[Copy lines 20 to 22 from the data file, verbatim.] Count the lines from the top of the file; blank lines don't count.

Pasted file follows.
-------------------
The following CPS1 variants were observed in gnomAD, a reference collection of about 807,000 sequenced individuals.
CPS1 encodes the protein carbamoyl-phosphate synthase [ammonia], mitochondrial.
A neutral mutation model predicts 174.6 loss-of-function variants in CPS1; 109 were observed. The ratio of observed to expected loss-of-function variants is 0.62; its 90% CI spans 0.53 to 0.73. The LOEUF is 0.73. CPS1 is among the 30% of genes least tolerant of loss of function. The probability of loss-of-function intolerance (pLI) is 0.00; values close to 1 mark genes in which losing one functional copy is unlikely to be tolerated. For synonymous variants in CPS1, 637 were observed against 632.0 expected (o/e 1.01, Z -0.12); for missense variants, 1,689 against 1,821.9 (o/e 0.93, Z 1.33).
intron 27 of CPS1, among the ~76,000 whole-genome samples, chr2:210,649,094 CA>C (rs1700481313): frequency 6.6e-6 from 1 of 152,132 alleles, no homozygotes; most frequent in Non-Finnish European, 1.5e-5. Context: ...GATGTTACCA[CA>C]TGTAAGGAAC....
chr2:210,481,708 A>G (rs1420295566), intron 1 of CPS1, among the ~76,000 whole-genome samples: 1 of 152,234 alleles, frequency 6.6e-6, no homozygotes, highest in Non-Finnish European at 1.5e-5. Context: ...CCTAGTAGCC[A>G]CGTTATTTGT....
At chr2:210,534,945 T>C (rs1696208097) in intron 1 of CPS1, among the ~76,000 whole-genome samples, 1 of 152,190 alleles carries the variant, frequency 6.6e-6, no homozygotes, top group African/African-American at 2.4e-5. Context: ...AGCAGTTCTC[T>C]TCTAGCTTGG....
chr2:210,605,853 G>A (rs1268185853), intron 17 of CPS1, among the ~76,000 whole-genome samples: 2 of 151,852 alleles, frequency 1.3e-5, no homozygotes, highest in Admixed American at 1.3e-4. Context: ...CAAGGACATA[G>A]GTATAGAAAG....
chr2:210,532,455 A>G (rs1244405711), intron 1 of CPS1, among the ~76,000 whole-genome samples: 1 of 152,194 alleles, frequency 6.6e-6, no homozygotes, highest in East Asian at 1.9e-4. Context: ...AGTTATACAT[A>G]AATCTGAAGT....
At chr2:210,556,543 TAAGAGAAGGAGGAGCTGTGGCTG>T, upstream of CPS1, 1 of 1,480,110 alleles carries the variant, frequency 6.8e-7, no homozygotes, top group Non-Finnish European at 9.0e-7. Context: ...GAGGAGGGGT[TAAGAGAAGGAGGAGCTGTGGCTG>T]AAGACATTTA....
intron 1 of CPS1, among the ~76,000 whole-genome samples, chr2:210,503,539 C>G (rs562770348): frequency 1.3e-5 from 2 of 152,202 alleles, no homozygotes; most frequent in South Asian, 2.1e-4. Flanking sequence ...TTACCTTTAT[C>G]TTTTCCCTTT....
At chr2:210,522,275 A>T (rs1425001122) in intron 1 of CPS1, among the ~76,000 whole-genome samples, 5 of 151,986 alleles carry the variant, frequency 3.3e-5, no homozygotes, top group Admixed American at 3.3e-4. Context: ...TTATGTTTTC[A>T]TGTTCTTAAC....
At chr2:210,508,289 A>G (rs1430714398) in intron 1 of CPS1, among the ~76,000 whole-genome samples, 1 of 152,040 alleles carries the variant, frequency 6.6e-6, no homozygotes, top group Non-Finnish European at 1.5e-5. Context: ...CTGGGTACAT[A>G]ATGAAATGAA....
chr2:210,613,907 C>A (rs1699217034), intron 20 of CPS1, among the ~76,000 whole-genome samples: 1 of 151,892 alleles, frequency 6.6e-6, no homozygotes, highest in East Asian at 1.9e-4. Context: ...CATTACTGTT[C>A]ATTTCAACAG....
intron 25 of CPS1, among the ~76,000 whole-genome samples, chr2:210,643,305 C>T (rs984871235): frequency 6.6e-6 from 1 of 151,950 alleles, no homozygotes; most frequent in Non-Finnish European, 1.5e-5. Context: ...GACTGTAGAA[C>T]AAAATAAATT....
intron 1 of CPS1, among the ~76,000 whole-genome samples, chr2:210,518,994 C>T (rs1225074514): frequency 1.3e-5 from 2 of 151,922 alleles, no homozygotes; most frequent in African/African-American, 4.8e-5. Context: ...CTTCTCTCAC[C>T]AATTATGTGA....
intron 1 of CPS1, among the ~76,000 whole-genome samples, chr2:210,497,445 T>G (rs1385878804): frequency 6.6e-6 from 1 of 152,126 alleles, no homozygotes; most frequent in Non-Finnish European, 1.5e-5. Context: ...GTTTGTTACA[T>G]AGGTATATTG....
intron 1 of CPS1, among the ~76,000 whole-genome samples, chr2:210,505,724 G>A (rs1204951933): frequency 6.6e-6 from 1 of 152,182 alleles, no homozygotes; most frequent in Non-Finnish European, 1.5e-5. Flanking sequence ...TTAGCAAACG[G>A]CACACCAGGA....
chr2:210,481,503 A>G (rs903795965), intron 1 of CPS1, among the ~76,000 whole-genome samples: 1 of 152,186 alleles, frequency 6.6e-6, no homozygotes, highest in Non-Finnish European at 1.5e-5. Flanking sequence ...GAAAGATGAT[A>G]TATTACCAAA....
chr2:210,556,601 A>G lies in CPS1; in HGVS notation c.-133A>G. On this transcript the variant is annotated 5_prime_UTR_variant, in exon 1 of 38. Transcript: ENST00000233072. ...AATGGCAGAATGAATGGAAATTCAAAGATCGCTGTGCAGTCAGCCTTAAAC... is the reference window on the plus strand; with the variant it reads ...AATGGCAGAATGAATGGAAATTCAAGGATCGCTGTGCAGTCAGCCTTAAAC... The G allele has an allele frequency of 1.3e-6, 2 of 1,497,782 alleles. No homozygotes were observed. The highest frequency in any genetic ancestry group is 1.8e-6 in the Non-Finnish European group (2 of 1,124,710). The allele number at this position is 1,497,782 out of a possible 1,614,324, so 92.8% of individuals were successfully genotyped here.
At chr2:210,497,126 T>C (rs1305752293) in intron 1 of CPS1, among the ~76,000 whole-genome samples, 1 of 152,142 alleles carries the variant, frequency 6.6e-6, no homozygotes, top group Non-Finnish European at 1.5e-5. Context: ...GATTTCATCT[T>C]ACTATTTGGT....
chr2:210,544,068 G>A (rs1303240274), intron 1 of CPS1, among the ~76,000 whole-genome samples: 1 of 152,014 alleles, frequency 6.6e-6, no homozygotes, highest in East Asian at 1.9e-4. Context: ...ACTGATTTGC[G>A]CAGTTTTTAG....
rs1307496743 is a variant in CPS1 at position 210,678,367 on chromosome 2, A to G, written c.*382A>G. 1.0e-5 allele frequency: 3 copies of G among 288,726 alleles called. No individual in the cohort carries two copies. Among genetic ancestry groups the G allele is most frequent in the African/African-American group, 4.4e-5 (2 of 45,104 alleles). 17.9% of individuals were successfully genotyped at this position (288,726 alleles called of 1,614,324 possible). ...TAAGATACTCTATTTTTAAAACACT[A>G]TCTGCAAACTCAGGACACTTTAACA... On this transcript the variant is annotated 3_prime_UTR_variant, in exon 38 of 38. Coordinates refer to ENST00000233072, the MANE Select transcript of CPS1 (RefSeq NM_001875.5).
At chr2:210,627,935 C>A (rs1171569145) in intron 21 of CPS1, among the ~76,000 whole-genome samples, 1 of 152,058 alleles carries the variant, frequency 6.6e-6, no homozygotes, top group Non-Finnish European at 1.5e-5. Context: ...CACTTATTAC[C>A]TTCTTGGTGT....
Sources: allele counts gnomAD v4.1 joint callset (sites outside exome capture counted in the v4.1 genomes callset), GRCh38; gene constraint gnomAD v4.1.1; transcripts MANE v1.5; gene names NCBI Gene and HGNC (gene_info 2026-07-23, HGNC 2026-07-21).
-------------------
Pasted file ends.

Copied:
At chr2:210,497,126 T>C (rs1305752293) in intron 1 of CPS1, among the ~76,000 whole-genome samples, 1 of 152,142 alleles carries the variant, frequency 6.6e-6, no homozygotes, top group Non-Finnish European at 1.5e-5. Context: ...GATTTCATCT[T>C]ACTATTTGGT....
chr2:210,544,068 G>A (rs1303240274), intron 1 of CPS1, among the ~76,000 whole-genome samples: 1 of 152,014 alleles, frequency 6.6e-6, no homozygotes, highest in East Asian at 1.9e-4. Context: ...ACTGATTTGC[G>A]CAGTTTTTAG....
rs1307496743 is a variant in CPS1 at position 210,678,367 on chromosome 2, A to G, written c.*382A>G. 1.0e-5 allele frequency: 3 copies of G among 288,726 alleles called. No individual in the cohort carries two copies. Among genetic ancestry groups the G allele is most frequent in the African/African-American group, 4.4e-5 (2 of 45,104 alleles). 17.9% of individuals were successfully genotyped at this position (288,726 alleles called of 1,614,324 possible). ...TAAGATACTCTATTTTTAAAACACT[A>G]TCTGCAAACTCAGGACACTTTAACA... On this transcript the variant is annotated 3_prime_UTR_variant, in exon 38 of 38. Coordinates refer to ENST00000233072, the MANE Select transcript of CPS1 (RefSeq NM_001875.5).